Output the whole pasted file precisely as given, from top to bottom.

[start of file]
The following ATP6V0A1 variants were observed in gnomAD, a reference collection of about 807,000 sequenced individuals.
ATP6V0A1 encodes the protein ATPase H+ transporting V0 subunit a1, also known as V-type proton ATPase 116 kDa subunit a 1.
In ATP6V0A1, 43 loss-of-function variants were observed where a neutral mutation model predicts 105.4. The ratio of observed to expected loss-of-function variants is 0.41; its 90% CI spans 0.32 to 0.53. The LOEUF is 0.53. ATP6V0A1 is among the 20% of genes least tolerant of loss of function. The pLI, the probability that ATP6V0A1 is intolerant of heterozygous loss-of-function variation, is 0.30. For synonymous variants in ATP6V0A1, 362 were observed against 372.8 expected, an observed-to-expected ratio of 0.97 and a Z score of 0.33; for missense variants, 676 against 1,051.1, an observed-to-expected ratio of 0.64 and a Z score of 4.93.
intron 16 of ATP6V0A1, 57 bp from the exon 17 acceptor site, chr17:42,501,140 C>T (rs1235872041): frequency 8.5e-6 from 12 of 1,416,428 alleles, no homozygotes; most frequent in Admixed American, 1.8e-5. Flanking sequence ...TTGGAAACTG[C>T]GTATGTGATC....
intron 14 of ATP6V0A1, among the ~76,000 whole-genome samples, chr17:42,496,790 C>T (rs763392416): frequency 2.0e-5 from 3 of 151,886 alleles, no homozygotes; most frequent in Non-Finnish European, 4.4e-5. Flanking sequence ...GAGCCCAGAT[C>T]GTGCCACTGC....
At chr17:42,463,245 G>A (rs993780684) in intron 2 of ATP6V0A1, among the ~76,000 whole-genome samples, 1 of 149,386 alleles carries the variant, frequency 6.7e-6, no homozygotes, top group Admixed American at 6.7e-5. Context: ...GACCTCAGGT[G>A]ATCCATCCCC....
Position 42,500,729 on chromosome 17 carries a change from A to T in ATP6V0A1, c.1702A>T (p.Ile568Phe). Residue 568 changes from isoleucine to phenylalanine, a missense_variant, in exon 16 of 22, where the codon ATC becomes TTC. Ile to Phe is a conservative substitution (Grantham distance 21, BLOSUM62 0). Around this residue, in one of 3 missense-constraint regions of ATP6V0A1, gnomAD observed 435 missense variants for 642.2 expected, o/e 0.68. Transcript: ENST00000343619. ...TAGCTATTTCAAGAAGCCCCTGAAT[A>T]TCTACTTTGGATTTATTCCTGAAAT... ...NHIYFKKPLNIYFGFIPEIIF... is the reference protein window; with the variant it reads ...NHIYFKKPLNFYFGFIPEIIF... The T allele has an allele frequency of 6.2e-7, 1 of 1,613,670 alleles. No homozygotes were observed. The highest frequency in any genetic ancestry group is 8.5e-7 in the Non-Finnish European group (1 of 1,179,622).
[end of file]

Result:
The following ATP6V0A1 variants were observed in gnomAD, a reference collection of about 807,000 sequenced individuals.
ATP6V0A1 encodes the protein ATPase H+ transporting V0 subunit a1, also known as V-type proton ATPase 116 kDa subunit a 1.
In ATP6V0A1, 43 loss-of-function variants were observed where a neutral mutation model predicts 105.4. The ratio of observed to expected loss-of-function variants is 0.41; its 90% CI spans 0.32 to 0.53. The LOEUF is 0.53. ATP6V0A1 is among the 20% of genes least tolerant of loss of function. The pLI, the probability that ATP6V0A1 is intolerant of heterozygous loss-of-function variation, is 0.30. For synonymous variants in ATP6V0A1, 362 were observed against 372.8 expected, an observed-to-expected ratio of 0.97 and a Z score of 0.33; for missense variants, 676 against 1,051.1, an observed-to-expected ratio of 0.64 and a Z score of 4.93.
intron 16 of ATP6V0A1, 57 bp from the exon 17 acceptor site, chr17:42,501,140 C>T (rs1235872041): frequency 8.5e-6 from 12 of 1,416,428 alleles, no homozygotes; most frequent in Admixed American, 1.8e-5. Flanking sequence ...TTGGAAACTG[C>T]GTATGTGATC....
intron 14 of ATP6V0A1, among the ~76,000 whole-genome samples, chr17:42,496,790 C>T (rs763392416): frequency 2.0e-5 from 3 of 151,886 alleles, no homozygotes; most frequent in Non-Finnish European, 4.4e-5. Flanking sequence ...GAGCCCAGAT[C>T]GTGCCACTGC....
At chr17:42,463,245 G>A (rs993780684) in intron 2 of ATP6V0A1, among the ~76,000 whole-genome samples, 1 of 149,386 alleles carries the variant, frequency 6.7e-6, no homozygotes, top group Admixed American at 6.7e-5. Context: ...GACCTCAGGT[G>A]ATCCATCCCC....
Position 42,500,729 on chromosome 17 carries a change from A to T in ATP6V0A1, c.1702A>T (p.Ile568Phe). Residue 568 changes from isoleucine to phenylalanine, a missense_variant, in exon 16 of 22, where the codon ATC becomes TTC. Ile to Phe is a conservative substitution (Grantham distance 21, BLOSUM62 0). Around this residue, in one of 3 missense-constraint regions of ATP6V0A1, gnomAD observed 435 missense variants for 642.2 expected, o/e 0.68. Transcript: ENST00000343619. ...TAGCTATTTCAAGAAGCCCCTGAAT[A>T]TCTACTTTGGATTTATTCCTGAAAT... ...NHIYFKKPLNIYFGFIPEIIF... is the reference protein window; with the variant it reads ...NHIYFKKPLNFYFGFIPEIIF... The T allele has an allele frequency of 6.2e-7, 1 of 1,613,670 alleles. No homozygotes were observed. The highest frequency in any genetic ancestry group is 8.5e-7 in the Non-Finnish European group (1 of 1,179,622).